While the jam bubbled on the stove-top, the jars and lids were sterilizing in the oven below.

It was time to fill the jars.

The whole process was immensely satisfying. And profitable.

I’d love to hear about homemade creations that have been successful for fundraising for your child’s kinder or school.

A jar of home made jam or chutney makes a wonderful Christmas gift because you made it! If you’re feeling inspired here’s the recipe I used. I varied it though as I didn’t have limes and I used raw sugar and it worked out fine.

Citrus Marmalade

4 large oranges (1.2kg)
3 medium lemons (420g)
4 large limes (400g)
1.25 litres (5 cups) water
1.6kg (7 cups) white sugar approximately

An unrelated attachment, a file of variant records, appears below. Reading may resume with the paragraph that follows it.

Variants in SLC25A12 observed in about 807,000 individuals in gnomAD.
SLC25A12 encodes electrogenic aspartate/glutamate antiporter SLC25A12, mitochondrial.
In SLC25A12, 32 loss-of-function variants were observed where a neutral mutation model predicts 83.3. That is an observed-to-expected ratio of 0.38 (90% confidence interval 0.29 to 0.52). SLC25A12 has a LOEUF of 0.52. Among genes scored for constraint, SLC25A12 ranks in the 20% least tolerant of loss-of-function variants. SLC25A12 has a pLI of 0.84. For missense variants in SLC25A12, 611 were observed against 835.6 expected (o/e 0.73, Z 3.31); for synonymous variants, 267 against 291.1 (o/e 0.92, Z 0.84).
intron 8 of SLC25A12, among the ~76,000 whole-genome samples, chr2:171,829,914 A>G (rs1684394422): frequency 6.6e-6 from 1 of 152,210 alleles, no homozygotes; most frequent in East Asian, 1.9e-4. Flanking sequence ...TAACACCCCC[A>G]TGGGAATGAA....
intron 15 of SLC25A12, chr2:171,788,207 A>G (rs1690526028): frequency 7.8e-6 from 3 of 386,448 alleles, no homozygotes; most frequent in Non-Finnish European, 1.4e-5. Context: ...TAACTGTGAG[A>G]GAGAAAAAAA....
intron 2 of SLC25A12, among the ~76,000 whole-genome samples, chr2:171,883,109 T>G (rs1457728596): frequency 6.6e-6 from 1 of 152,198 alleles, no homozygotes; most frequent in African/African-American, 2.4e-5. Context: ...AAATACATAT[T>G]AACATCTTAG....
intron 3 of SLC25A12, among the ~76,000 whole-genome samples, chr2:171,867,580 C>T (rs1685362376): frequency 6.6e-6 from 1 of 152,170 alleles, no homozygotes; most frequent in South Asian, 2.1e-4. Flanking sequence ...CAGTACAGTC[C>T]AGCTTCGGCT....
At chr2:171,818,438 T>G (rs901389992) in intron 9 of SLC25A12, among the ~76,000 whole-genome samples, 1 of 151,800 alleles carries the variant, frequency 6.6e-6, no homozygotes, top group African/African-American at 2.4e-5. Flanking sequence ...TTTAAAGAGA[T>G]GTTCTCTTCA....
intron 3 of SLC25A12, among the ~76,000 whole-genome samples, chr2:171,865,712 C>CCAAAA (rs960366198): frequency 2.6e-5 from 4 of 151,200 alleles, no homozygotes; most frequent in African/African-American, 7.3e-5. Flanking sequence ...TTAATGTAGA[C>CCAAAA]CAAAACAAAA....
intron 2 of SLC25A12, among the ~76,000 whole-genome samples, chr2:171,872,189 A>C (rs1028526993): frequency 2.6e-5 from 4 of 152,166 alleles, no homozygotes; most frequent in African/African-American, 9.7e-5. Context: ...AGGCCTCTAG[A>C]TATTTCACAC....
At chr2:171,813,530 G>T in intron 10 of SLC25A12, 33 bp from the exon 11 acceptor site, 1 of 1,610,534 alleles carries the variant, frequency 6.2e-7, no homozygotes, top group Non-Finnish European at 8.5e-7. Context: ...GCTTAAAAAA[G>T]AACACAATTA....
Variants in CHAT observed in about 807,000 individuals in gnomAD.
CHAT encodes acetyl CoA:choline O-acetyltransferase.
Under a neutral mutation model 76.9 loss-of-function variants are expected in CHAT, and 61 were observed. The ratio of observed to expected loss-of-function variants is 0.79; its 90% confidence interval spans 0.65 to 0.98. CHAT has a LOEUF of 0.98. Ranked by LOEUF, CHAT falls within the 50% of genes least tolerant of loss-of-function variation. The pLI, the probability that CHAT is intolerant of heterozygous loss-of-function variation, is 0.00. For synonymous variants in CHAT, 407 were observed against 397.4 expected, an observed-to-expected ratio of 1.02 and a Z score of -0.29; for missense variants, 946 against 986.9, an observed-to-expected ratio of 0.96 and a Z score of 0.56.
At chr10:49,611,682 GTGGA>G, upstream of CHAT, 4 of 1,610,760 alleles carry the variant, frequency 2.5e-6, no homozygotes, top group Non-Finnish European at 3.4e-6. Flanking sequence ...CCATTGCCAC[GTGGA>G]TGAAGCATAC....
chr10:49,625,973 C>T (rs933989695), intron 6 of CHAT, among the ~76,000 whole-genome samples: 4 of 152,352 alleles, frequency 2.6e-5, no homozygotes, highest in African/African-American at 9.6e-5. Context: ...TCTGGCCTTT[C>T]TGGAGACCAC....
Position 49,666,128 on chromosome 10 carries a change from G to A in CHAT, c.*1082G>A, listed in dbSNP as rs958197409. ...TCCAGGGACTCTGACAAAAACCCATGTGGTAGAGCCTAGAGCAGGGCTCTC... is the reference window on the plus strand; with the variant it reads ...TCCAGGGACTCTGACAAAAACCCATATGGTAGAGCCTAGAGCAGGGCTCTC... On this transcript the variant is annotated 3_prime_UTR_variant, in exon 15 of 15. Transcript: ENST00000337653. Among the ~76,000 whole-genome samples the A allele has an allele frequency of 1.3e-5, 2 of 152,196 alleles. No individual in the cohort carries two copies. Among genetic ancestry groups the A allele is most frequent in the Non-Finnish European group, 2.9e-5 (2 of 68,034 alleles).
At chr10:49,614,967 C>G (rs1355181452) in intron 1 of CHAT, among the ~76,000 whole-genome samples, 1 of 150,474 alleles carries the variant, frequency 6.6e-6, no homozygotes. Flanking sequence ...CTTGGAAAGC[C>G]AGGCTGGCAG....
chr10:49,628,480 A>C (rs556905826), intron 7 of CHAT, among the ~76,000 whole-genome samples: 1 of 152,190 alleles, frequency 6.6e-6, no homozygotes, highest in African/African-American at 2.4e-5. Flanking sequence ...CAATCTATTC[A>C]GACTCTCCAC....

Step 1: Peel all fruit thinly; cut rind into thin strips. Remove pith from all fruit; reserve half, discard remaining pith. Chop flesh coarsely, reserve seeds.
Step 2: Combine flesh and rind in large bowl with the water. Tie reserved pith and seeds in a piece of muslin tied with kitchen string; add to bowl. Stand at room temperature overnight.
Step 3: Place fruit mixture and muslin bag in large saucepan; bring to the boil. Simmer covered, 25 minutes or until rind is soft. Discard bag.
Step 4: Measure fruit mixture; allow 1 cup (220g) sugar for each cup of mixture. Return mixture and sugar to pan; stir over heat, without boiling, until sugar dissolves. Boil, uncovered, about 40 minutes or until marmalade sets when tested on a cold saucer.
Step 5: Pour into hot sterilised jars; seal immediately.